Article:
Winter is not a season, it’s an occupation.”

― Sinclair Lewis

A piece of birch bark on the forest floor

In the otherwise drab winter landscape here in New England there are still things of interest to be found when we tramp around outdoors. Whether in your own backyard, woods, on nature trails there will be something of interest to see. I especially like the woods in winter, whether there is snow cover or not, because something will always turn up that will keep it worth tolerating the cold.

Animal tracks in the snow often tell a story

Owls and woodpeckers are among the most common birds we come across in the woods or in backyards with trees, especially during the winter when trees have lost their leaves and the birds are easier to see. A barred owl flew by as I stood in the woods recently and landed in a tree nearby. It must have been its usual roosting spot as owl pellets were on the ground under this tree. Owls cannot chew and swallow prey whole or in chunks, regurgitating pellets of undigestible material. Pulling pellets apart may help identify what animal or bird was eaten.

Owl pellet, likely from a barred owl
Cooper’s hawk

Pileated wood[peckers often are noisy and when heard, can be easy to spot. They often visit the same trees frequently where they have drilled holes for extraction of insects living inside the tree. Characteristic features of these holes are a rectangular shape. Often they are made on white pines where borers are feeding within trunks and branches, or on dead or dying trees with carpenter ants living inside.

Pileated woodpecker hunting for insects
Pileated holes in a white pine

A little winter visitor that may be found foraging in the winter woods is the golden crowned kinglet. This tiny song bird can be found in mixed coniferous and deciduous woods. Listen for its high- pitched see- see-see call on one note as it hunts for insects on tree branches and twigs. It flutters and hovers as it looks for morsels in tree tops or nearer the ground. It has wing bars and a golden crown of feathers capping the head in females, while males have a bright orange cap. Kinglets may flash these feathers if they are alarmed.

Golden crowned kinglets are acrobats while searching for insects

Winter is a great time to look for any bird’s nests that still remain in deciduous trees and shrubs. Baltimore oriole nests are probably the easiest to identify as they hang down from moderately high branch tips, and often are decorated with purple or orange ribbons. If you have bird house, especially for bluebirds, make sure to clean them out by early March, as bluebirds start early staking out a suitable nesting site. They will use old woodpecker holes, high or low in the tree trunk, in the woods or on the wood line. Often house finches or tree swallows use bluebird houses.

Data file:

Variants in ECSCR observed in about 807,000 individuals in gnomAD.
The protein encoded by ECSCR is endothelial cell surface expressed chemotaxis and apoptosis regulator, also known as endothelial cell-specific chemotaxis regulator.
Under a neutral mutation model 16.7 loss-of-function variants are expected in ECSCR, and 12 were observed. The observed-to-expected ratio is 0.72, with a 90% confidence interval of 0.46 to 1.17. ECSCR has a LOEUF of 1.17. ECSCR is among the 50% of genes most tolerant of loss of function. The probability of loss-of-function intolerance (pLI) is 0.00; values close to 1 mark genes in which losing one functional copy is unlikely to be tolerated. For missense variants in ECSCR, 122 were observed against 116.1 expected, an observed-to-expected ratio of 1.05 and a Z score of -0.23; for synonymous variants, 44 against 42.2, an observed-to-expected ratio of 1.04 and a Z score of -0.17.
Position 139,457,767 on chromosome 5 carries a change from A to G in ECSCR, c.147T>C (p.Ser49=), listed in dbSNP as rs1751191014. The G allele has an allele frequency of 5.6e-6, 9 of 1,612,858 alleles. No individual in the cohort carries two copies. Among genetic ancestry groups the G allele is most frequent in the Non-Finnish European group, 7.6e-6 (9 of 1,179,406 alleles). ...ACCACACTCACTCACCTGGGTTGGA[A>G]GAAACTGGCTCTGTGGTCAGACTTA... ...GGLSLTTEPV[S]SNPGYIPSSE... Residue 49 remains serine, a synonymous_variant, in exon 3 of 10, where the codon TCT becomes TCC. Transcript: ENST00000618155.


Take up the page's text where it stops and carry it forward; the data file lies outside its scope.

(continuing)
Bird's nest of unknown bird cleaned out of bluebird house has blue jay, hawk, goose and other feathers
Bird’s nest of unknown bird cleaned out of bluebird house has blue jay, hawk, goose and other feathers
Bluebird nest was cleaned out of a box in November. This nest was on top of another nest that had 5 eggs in it.

Just before sunset or sunrise, check the skies for interesting and sometimes spectacular color shows. There may also be sundogs or 22 degree halos if atmospheric conditions are right.

If you go to the woods on a fairly warm winter day, a Mourning Cloak butterfly may flutter by. These  butterflies overwinter in “ cryo-preservation” mode in tree bark crevices, sheds, tree cavities or anywhere else they can escape winter winds and snows. They may venture out on warm, sunny days in winter, but return to their protective spots before dusk.

Mourning cloak out basking in winter

There are numerous fungi and ferns that are interesting to find in the winter. A favorite fern is the diminutive polypody ferns that are usually found on rocks rather than on the surface of the ground. They are often found on woodland edges where there is some sun. Partridgeberry is a creeping groundcover that can still have its red berries in the winter. Used with polypody ferns and moss, partridgeberry makes a wonderful indoor dish garden.

Polypody ferns growing on a rock
Aptly named turkey tail wood decay fungus

Also visible in the winter landscape are wasp nests, cocoons and eggs casings of mantids. Mantid egg casings can be easily identified during the winter. They look like tannish foam blobs attached to twigs on trees or shrubs or stems of herbaceous plants such as goldenrod. Inside are hundreds of eggs that will hatch in mid to late May the following spring.

Mantid egg case
Promethea moth cocoon

The days are getting a little bit longer and, not soon enough for me, landscapes will be warming up and once more will be full of color.  But even when it is not so bright and cheery outside, as Charles Dickens wrote- ‘ Nature gives to every time and season some beauties of its own”

Pamm Cooper